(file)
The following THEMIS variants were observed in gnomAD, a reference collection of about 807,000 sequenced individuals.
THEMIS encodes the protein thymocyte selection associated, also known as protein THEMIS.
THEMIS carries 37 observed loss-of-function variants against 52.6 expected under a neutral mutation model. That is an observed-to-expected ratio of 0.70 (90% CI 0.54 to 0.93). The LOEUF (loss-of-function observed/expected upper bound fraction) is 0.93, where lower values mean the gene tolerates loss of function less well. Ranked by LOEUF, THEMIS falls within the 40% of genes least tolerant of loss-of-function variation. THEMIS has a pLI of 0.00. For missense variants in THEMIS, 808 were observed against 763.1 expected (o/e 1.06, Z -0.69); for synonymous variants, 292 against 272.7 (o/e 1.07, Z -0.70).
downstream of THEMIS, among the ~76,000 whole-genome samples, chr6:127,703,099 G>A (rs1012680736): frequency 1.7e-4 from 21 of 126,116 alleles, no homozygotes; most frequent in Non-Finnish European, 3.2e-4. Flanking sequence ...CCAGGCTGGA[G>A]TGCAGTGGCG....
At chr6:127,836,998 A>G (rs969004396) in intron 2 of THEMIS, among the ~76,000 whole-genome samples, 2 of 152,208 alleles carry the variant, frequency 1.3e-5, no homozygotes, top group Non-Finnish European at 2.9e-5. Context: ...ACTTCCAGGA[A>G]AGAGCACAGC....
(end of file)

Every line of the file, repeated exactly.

The following THEMIS variants were observed in gnomAD, a reference collection of about 807,000 sequenced individuals.
THEMIS encodes the protein thymocyte selection associated, also known as protein THEMIS.
THEMIS carries 37 observed loss-of-function variants against 52.6 expected under a neutral mutation model. That is an observed-to-expected ratio of 0.70 (90% CI 0.54 to 0.93). The LOEUF (loss-of-function observed/expected upper bound fraction) is 0.93, where lower values mean the gene tolerates loss of function less well. Ranked by LOEUF, THEMIS falls within the 40% of genes least tolerant of loss-of-function variation. THEMIS has a pLI of 0.00. For missense variants in THEMIS, 808 were observed against 763.1 expected (o/e 1.06, Z -0.69); for synonymous variants, 292 against 272.7 (o/e 1.07, Z -0.70).
downstream of THEMIS, among the ~76,000 whole-genome samples, chr6:127,703,099 G>A (rs1012680736): frequency 1.7e-4 from 21 of 126,116 alleles, no homozygotes; most frequent in Non-Finnish European, 3.2e-4. Flanking sequence ...CCAGGCTGGA[G>A]TGCAGTGGCG....
At chr6:127,836,998 A>G (rs969004396) in intron 2 of THEMIS, among the ~76,000 whole-genome samples, 2 of 152,208 alleles carry the variant, frequency 1.3e-5, no homozygotes, top group Non-Finnish European at 2.9e-5. Context: ...ACTTCCAGGA[A>G]AGAGCACAGC....